The Atlantic Ocean has transformed into a tropical traffic jam, bustling with activity as the National Hurricane Center is tracking several disturbances, including four named storms and a fifth coming soon.
Post-Tropical Cyclone Idalia is still swirling just off the Atlantic Coast and may still affect Bermuda and bring other impacts to the Eastern Seaboard. Meanwhile, farther out to sea, Hurricane Franklin and Tropical Storm Jose are on a collision course, with Tropical Depression Gert regenerating back from the dead and spinning just to those storms' south.
Another tropical disturbance just off the western African coast is on the cusp of possibly becoming Tropical Storm Katia, and forecasters are eyeing another future disturbance that is showing signs of developing off western Africa in the coming days.
Here's a closer look at each of the tropical systems swirling out in the Atlantic:
Hurricane Franklin and Post-Tropical Cyclone Idalia still ongoing
Idalia made a historic landfall in Florida's Big Bend region on Wednesday as a Category 3 hurricane and has caused a large swath of damage from storm surge, flooding and 80+ mph wind as it trekked across southern Georgia and through the Carolina coasts before heading out in the Atlantic.
Idalia is still causing some dangerous rip currents and heavy surf along the southeastern U.S. coast as Labor Day weekend gets under way, though the beach conditions should improve as the weekend progresses and Idalia moves farther away.
On the other hand, Bermuda is still in Idalia's sights and Tropical Storm Warnings are in effect. Idalia was 185 miles west of Bermuda and was moving east at 17 mph. The NHC warns Bermuda may see some flash flooding from heavy rains as Idalia passes along with strong wind gusts.
Idalia was considered "post tropical" on Friday – it merged with a cold front off the North Carolina coast meaning it was technically no longer getting its primary source of energy from warm ocean waters. But Idalia was expected to reenergize as a tropical storm Saturday as the front faded and the storm brushes by Bermuda.
Once Idalia passes Bermuda, its future path is uncertain. The consensus of the computer forecasts is that Idalia will eventually get swept out to sea, says FOX Weather Hurricane Specialist Bryan Norcross. However, "a credible number turn it back toward New England or Atlantic Canada… bringing it uncomfortably close to the coast next week as a non-tropical storm. Stay informed in New England until its path is clear."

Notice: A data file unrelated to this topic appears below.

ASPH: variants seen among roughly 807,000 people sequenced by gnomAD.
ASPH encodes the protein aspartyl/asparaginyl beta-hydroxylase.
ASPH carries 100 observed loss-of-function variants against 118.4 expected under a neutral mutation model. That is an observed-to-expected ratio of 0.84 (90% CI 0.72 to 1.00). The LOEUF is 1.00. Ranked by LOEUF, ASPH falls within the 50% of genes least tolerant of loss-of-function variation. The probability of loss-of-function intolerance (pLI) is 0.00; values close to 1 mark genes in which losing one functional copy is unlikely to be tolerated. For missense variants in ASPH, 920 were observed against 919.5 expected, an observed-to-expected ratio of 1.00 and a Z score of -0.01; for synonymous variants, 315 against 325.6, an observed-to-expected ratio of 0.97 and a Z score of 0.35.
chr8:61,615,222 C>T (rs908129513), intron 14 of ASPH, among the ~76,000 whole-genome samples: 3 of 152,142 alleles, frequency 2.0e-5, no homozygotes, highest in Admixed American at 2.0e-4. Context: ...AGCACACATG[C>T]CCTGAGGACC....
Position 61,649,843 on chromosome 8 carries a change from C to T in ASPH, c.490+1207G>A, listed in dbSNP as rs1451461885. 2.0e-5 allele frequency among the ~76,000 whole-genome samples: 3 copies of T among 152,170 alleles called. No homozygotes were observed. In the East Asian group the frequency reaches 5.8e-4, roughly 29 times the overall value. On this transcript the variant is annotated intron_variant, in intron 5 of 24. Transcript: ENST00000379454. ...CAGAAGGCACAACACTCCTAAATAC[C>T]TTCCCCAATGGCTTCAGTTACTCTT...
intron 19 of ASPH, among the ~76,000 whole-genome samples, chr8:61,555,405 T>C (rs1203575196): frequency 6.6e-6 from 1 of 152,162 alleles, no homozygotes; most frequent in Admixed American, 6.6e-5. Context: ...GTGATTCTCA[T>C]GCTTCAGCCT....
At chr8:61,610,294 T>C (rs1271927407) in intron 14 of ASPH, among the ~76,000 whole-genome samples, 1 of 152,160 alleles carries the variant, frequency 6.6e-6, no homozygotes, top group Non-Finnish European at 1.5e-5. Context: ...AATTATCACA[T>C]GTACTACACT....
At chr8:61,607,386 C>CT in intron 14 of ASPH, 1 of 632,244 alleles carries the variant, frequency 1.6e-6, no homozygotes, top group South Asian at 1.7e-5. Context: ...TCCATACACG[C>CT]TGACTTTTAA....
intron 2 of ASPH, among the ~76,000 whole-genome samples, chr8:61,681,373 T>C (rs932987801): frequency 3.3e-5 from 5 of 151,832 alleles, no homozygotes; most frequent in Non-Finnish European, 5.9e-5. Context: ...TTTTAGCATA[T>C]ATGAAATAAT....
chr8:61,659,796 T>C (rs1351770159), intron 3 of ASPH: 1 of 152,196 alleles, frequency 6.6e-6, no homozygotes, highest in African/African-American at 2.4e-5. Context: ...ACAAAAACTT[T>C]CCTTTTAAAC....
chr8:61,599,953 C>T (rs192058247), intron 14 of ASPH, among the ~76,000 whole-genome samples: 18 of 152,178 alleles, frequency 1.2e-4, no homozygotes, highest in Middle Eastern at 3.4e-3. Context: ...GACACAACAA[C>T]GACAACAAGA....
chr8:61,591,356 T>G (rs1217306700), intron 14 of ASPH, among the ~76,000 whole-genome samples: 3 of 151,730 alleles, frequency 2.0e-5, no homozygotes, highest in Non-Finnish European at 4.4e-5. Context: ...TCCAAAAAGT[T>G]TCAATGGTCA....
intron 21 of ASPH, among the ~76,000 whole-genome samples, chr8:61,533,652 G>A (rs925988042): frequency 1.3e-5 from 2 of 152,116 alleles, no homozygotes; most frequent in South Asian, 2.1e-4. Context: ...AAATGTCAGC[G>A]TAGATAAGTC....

Franklin's still churning along with 75 mph winds but its impacts to the U.S. are finished – now far enough away to not really cause any more issues along the East Coast beaches. All that's left is to feast on Tropical Storm Jose, heading into its path.
Speaking of Jose…
Tropical Storm Jose lingers on its final days
Tropical Storm Jose had been gaining strength Friday but reversed course later in the day, with peak sustained winds dropping to 50 mph. It's weakening in its final hours as it's on a collision course with nearby Hurricane Franklin. Jose will be absorbed into the larger storm by Friday night.
"They’re close to each other and they have a criss-crossing pattern," said FOX Weather Meteorologist Jane Minar. "You’ve got this intersection here, and you’re going to see almost like a Pac-Man (situation) with Franklin just kind of gobbling up Jose and its just going to become one big monster storm in the North Atlantic."
Tropical Depression Gert makes a brief comeback
Tropical Depression Gert had fizzled days ago, but its remnants have staged a comeback in a very crowded area of the Atlantic.
Situated just about 100 miles south of the Franklin and Jose tandem, Gert will have a front-row seat to those two storms' collision Friday night. While that plays out, Gert may strengthen back into a tropical storm at some point Friday.
Gert remains no threat to land and is forecast to weaken a second time over the weekend.
Invest 94L becomes Tropical Depression Twelve Friday as it swirls near Africa
A tropical wave near the west coast of Africa is now designated as Tropical Depression Twelve. It has been showing signs of better development Friday, with an increase in thunderstorm activity and more general organization.
The storm has peak winds of 35 mph and will likely eventually become Tropical Storm Katia later Friday. However, the NHC only gives it through the weekend before it fizzles.
Another tropical disturbance may form next week off Africa
As if the ocean wasn't busy enough, long range forecasts suggest favorable conditions for another tropical disturbance to form off the western African coast next week.
Environmental conditions in the tropical Atlantic look quite favorable for storm development next week, and forecasters will be watching the area closely as these disturbances begin to develop.
Right now, NHC forecasters are giving a 50% chance of development in an area well off of the coast of Africa within the next week.